Found only in a handful of scattered mountain pockets in Ethiopia, the remaining 500 Ethiopian wolves are suffering from habitat loss, disease and persecution.
The goal of the Ethiopian Wolf Conservation Programme is the conservation of the Ethiopian wolf and its Afroalpine habitats by counteracting threats to the survival of the wolves and promoting the conservation of Afroalpine ecosystems.
Work is centred on capacity building, including funding Ethiopian Nationals to receive training nationally and abroad and gain field experience working with the EWCP field team; on monitoring the wolves and the use of afroalpine resources; disease prevention and control (directly benefiting the community as well as the wolves); community education; habitat protection support and population management.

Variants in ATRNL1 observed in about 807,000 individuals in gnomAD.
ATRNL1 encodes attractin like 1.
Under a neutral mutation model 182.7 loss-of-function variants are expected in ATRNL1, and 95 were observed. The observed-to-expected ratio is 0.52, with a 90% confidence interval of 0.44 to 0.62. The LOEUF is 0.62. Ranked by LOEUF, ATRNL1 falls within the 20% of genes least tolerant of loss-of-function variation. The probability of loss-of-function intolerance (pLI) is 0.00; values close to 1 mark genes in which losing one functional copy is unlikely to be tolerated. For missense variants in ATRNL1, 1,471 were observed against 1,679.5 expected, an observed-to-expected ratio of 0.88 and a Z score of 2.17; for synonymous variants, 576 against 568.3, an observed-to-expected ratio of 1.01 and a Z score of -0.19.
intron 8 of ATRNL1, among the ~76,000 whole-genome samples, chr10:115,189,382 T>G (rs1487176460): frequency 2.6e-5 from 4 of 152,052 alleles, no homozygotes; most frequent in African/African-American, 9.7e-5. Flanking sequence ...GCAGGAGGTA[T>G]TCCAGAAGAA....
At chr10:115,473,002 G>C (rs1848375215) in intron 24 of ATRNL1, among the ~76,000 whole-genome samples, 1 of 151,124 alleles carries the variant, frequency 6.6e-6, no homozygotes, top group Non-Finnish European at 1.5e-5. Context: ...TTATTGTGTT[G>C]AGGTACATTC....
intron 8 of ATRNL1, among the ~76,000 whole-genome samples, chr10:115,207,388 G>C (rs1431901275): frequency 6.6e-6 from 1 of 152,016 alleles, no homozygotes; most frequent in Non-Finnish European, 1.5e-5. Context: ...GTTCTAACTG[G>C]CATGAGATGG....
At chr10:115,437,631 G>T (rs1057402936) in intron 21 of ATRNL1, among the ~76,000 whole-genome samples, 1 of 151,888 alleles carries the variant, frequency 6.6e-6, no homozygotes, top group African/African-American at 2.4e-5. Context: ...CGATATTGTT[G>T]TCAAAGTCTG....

In addition to the capacity building undertaken by the project, the EWCP has also helped to attract funds to secure the Bale Mountains National Park and is looking to develop eco-tourism in the area – all these actions being compatible with the project’s aim of less reliance on external funding and management - and eventual self-sufficiency.
Born Free has supported the vital work of the Ethiopian Wolf Conservation Programme for nearly 20 years. That’s 20 years of working to protect the rarest canid in the world and ensure its place within its natural habitat in the wild. The EWCP is now a global initiative drawing together partners and expertise from all over the world who work closely together with the local communities.
Protecting Africa’s mountain guardians
The Ethiopian Wolf Conservation Programme is the result of a long-term partnership between Born Free and WildCRU at the University of Oxford. We started supporting EWCP’s valuable work in 1995. With a global population of fewer than 500 animals perching on the Roof of Africa and threatened by habitat loss and disease Ethiopian wolves are Africa’s most threatened carnivore.
Read more about this great initiative the latest EWCP Annual Report (PDF, 1.8MB).
You can adopt a wolf pack and help play a role in their protection.